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Sunday Playbook: Are Falcons ready to take the final step?

 Before  2000, you could write the history of the National Football League without mentioning the New England Patriots or the Atlanta Falcons. They were insignificant if not irrelevant. It was the league of the Bears, Steelers, Packers, Giants, Redskins, Browns, Dolphins, Colts  and even the Jets and, yes, the four Super Bowl Bills. Those teams were involved in milestone games or eras in the NFL's existence.

Then along game Bill Belichick and Tom Brady in 2000. The Patriots have dominated the league's history since then, even when they lost, such as Super Bowl XLII, when the Giants spoiled New England's perfect season. This is a record ninth Super Bowl for New England, seven since the turn of the century.

Now Belichick stands on the threshhold of winning a fifth Super Bowl, breaking his tie with Chuck Noll. He has won more postseason games (25) than any coach in league history, with all but one win coming since 2000. And Brady will be trying to record a fifth Super Bowl championship as a starting quarterback and a fourth Super Bowl MVP trophy. Insignificance and irrelevant no more.

Since their founding in 1966, the Atlanta Falcons have been  largely invisible when it came to championship play. They did win the NFC and get to the Super Bowl in 1998 and became the first team to win a playoff game in Green Bay when they upset the Packers in the 2002 playoffs, but their history as been largely disappointing. The Falcons won just one NFC West Division championships (1980) before NFL realignment in 2002. Most of the time they were second or third banana in a division dominated by the 49ers and Rams. Now with Matt Ryan, a quarterback who seems to have arrived at the prime of his career, strong ownership and management and a new stadium about to open, the Falcons may be ready to establishment some dominance in the NFC.

Another ride to the top for the Patriots or the dawning of the Age of the Falcons? Super Bowl LI may determine which to look for.

Patriots (16-2) vs. Falcons (13-5)
TV: Fox, 6:30 p.m.
The line: Patriots (-3)

The scoop on the Patriots: New England led the NFL in scoring defense, allowing 230 points in the regular season. Some have minimized that by pointing out that the Patriots did not face enough of the league's elite quarterbacks. New England did give up 326.4 yards per game, but posted some noteworthy achievements. The Patriots did not allow a rushing touchdown in 12 of their 16 games, none in the last eight. Last team to run the ball across the New England goalline was the Bills, who had three TDs on Oct. 30. That was half of the six rushing touchdowns allowed by the Patriots all season. Brady's 112.2 passer rating was second in the league to Ryan's 117.17. RB LeGarrette Blount led the league with 18 rushing touchdowns. Even after TE Rob Gronkowski was lost to injury, the passing game thrived. Julian Edelman led the team with 96 receptions, but for only 11.3 yards per catch and just three touchdowns. Brady, though, makes use of other receivers such as ex-Bill Chris Hogan, ex-Cardinal Michael Floyd, Danny Amendola and rookie Malcolm Mitchell. Tight end Martellus Bennett isn't as explosive as Gronkowski, but provides an experienced receiving threat. It's worth noting that New England did not allow a return touchdown (interception, fumble or kicking) all season.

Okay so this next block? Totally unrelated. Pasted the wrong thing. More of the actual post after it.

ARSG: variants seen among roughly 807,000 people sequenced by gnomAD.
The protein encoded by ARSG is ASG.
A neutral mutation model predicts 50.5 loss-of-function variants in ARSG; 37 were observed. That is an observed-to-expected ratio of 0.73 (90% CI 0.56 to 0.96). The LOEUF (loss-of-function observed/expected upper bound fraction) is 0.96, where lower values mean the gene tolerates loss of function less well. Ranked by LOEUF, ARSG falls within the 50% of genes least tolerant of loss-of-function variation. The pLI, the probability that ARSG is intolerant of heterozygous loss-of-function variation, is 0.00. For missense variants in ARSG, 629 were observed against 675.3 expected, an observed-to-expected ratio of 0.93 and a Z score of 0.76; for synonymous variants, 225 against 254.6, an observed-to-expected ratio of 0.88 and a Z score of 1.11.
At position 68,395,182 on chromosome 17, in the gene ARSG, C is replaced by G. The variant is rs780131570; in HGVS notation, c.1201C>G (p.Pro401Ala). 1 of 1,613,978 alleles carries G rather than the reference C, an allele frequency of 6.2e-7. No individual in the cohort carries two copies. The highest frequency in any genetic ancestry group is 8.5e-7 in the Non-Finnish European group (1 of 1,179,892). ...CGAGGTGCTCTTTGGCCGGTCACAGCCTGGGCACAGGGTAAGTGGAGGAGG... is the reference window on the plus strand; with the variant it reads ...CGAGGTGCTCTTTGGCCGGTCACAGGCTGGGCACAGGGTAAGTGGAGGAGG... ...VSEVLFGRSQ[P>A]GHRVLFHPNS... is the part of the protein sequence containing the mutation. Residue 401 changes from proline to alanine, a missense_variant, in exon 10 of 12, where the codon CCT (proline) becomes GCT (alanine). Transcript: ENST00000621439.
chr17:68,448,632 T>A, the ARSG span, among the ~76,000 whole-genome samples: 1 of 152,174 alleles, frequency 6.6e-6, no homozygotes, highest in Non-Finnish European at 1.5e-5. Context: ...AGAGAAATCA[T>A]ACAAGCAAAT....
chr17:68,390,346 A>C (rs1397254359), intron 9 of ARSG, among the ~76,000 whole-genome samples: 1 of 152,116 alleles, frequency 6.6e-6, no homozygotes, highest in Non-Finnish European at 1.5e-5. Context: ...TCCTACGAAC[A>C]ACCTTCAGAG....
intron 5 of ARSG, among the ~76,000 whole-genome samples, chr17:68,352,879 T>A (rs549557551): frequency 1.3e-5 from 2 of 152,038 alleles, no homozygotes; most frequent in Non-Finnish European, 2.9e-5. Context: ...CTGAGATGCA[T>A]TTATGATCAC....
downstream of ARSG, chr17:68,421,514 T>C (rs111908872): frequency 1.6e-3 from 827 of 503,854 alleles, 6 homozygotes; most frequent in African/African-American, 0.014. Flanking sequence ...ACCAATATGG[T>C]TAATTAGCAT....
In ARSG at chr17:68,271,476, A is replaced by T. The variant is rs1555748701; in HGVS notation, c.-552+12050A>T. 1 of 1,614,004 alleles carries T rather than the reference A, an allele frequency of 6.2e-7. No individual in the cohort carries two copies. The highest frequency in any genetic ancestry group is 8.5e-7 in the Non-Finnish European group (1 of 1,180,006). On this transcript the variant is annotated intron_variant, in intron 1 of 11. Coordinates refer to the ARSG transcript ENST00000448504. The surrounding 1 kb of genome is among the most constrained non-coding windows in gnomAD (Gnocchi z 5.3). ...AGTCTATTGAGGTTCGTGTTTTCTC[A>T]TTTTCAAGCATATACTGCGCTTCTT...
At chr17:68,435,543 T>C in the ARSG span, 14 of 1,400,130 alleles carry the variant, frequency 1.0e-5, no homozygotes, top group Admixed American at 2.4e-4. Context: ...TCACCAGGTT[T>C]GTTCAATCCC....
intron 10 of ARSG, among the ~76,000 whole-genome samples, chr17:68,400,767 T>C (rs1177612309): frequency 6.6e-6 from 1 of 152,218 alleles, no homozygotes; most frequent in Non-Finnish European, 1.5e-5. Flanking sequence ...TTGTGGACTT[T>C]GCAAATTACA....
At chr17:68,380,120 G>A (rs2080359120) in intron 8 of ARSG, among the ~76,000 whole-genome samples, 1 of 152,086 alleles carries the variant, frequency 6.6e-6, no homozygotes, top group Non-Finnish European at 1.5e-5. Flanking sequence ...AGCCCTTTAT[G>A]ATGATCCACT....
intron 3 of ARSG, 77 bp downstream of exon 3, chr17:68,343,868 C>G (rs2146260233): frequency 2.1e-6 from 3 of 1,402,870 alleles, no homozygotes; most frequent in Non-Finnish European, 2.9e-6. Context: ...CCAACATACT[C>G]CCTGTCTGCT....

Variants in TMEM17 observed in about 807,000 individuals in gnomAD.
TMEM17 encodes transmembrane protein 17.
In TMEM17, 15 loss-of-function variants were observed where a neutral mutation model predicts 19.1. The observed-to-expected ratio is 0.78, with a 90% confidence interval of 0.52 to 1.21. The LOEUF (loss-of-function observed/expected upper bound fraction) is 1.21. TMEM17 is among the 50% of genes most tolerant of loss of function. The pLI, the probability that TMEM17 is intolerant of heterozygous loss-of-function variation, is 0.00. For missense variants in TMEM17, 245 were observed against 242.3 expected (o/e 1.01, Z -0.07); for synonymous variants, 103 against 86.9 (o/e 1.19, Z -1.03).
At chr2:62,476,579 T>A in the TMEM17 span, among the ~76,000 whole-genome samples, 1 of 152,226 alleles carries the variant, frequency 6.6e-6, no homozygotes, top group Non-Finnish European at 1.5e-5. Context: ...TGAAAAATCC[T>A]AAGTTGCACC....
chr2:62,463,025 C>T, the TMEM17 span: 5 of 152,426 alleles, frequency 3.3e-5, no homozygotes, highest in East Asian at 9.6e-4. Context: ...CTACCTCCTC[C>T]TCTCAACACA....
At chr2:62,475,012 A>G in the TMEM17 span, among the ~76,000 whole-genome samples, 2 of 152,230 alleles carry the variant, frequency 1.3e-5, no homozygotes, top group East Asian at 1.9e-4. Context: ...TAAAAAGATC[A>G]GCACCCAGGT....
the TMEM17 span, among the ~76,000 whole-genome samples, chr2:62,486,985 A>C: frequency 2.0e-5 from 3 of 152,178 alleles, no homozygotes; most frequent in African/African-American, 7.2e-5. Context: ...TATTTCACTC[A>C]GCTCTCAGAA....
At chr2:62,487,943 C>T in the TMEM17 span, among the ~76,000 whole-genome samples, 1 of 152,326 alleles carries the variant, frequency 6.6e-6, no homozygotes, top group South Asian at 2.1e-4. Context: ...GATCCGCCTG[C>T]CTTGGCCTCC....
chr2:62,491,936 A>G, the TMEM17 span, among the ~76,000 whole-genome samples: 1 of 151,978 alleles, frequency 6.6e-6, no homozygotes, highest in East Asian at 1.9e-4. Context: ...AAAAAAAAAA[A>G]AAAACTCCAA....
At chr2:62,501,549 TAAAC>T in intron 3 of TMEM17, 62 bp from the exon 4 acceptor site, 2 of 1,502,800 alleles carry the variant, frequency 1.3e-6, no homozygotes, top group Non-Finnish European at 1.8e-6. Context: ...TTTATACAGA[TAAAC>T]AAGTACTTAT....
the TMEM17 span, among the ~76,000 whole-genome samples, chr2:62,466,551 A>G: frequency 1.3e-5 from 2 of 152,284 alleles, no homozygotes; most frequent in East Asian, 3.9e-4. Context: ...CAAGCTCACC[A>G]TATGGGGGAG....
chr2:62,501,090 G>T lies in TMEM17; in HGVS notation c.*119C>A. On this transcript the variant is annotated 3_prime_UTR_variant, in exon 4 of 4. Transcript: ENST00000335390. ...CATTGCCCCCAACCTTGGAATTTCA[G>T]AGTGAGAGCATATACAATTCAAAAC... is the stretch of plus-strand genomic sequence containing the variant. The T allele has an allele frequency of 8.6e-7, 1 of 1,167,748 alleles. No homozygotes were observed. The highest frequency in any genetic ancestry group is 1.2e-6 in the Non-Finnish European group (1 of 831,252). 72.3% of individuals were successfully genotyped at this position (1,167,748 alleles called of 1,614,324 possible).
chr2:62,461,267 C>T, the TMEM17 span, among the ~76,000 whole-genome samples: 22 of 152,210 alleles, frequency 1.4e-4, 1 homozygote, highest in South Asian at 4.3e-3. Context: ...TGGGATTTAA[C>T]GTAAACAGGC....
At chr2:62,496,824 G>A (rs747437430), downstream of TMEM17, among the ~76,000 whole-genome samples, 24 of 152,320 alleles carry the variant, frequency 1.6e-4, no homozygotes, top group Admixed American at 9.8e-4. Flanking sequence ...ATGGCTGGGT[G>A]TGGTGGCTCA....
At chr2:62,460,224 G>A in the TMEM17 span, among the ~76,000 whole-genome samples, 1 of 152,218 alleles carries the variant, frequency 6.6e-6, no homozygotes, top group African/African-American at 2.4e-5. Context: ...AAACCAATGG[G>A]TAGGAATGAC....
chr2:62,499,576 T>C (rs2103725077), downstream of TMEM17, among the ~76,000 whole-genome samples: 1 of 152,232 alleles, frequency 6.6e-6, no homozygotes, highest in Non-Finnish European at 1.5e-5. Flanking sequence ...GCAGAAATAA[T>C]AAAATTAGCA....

The scoop on the Falcons: No doubt how explosive the Atlanta offense is. Ryan passed for nearly 5,000 yards and 38 touchdowns. Julio Jones was second in the league with 96 receptions for 17.0 yards and six touchdowns. Mohamed Sanu has a touchdown catch in the last four games including the postseason. Sanu had five receptions for 52 yards in the NFC Championship Game. Late in the season, Taylor Gabriel emerged as a breakaway receiving threats. RB Devonta Freeman ran for 1,079 yards in the regular season while splitting time when Tevin Coleman. Both are excellent receivers, and Ryan makes good use of them. They are punishing runners after the catch, and it could be a long day for New England corners, Malcolm Butler and Logan Ryan. ... Defensively, the Falcons may not match up with the Patriots. Atlanta gave up 28 points or more nine times in the regular season.

Matchup to watch: Atlanta's passing game is not a one-trip pony, but the expectation will be that Belichick and his defensive staff will try to take away Julio Jones from the Falcons' attack, either frustrating him or at least minimizing his effect on the game. Butler, the hero of New England's Super Bowl win two years ago, most likely will get that coverage assignment with over-the-top help from free safety Devin McCourty. Freeing up Jones will be a test for defensive coordinator Kyle Shanahan.

Outlook: An Atlanta upset would not be earth-shaking, but overcoming a Belichick defense and keeping Brady from dominating the game when New England has the ball looks like too much to ask. An entertaining offensive show is expected with the Patriots winning, 30-26.

Results from Jan. 22: 2-0 outright; 2-0 versus spread.
Season's record: 158-84-3 outright; 125-110-10 versus spread.

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